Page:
Arab aristocrat’s career saw him serve as an Ottoman lawmaker and the empire’s go-to man in the Hejaz region
Ottoman sovereignty over the Muslim holy city of Mecca began in 1517 after the conquest of the Mamluk Empire under Sultan Selim I, who duly took on the office of caliph.
The subsequent Turkish approach to rule in the Hejaz region, home to the Muslim holy cities, was in keeping with their style elsewhere: to allow a degree of autonomy under a local vassal who had pledged loyalty to the Ottomans.
As a result, the Sharif of Mecca remained in place as ruler of the city, continuing a dynasty that had been in place since the 10th century during Fatimid rule.
Descended from the Prophet Muhammad through his grandson Hassan, the Sharifs were members of the Banu Hashim clan and took on the name “Hashemites”.
Their position as rulers of Islam’s holiest city accorded them a prominent position within the Ottoman court as well as practical benefits such as large private armies and tax exemptions.
In the “Sharifate”, they formed an institution that remained in place until the Arab revolt against the Ottomans during the First World War.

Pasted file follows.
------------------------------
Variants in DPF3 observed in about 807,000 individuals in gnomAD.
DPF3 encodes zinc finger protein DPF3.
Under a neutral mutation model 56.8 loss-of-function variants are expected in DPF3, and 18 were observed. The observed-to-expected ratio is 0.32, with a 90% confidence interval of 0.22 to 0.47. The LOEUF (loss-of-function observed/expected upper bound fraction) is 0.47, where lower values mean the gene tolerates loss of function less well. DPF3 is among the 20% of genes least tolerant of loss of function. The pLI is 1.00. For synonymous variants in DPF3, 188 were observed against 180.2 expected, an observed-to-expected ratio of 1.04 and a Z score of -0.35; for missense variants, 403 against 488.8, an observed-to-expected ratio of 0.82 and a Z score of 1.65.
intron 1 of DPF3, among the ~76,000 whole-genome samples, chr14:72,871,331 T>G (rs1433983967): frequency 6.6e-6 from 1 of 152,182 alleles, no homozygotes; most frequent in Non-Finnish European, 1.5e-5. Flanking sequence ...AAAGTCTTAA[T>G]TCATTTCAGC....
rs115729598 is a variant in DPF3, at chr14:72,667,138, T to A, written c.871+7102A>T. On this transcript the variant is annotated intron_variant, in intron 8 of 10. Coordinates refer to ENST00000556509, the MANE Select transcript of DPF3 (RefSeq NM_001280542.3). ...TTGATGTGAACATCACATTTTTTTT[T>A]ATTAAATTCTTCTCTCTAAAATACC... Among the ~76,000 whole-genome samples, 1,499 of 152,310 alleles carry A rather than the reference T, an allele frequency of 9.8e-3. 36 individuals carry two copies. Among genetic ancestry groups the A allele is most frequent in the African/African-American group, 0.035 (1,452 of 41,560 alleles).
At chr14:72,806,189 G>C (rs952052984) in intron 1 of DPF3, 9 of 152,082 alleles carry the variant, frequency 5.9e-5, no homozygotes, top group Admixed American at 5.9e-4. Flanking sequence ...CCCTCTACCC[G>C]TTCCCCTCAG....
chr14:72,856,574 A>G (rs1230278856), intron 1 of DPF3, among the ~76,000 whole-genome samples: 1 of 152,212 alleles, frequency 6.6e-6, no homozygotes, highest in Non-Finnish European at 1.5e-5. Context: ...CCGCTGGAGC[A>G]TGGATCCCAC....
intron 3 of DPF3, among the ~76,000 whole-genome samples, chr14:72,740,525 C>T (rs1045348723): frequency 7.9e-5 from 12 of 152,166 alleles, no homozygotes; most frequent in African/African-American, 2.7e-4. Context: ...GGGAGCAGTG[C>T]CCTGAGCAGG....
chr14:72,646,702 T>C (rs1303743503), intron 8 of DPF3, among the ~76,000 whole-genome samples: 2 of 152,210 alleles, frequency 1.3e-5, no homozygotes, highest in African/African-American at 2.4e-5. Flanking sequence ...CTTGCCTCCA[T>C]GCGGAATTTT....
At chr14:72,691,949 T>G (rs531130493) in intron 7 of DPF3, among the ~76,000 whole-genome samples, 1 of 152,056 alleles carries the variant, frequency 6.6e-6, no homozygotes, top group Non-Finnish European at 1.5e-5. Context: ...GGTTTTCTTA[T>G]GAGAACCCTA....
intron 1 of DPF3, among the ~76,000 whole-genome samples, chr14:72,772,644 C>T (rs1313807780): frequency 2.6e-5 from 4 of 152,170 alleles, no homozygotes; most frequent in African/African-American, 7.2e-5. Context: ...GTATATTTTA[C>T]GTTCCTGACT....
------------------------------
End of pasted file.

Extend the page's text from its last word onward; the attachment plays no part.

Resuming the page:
The last man to hold the office was one Sharif Ali Haydar Pasha, who took on the task of ensuring Arab loyalty to the empire and ending the revolt led by his clansman Sharif Hussain, who had been deposed by the Turks.
His own commitment to the Turks came at a price. Within years of the Ottoman defeat in the war, the empire had collapsed, and in 1935 Ali Haydar’s life would end in exile in Lebanon, stripped of his titles and authority.
But to limit Ali Haydar’s life to its final episodes would be a disservice to a career that saw him serve as the right-hand man to the last Ottoman caliph, Abdulmecid II, and as an active parliamentarian in the Ottoman legislature.
Life in Ottoman circles
Ali Haydar was born in Istanbul in a house of his grandfather, Abdulmutallib, in 1866, and was technically a “hostage” of the Ottoman Empire to ensure the Sharifate’s loyalty to the Turks.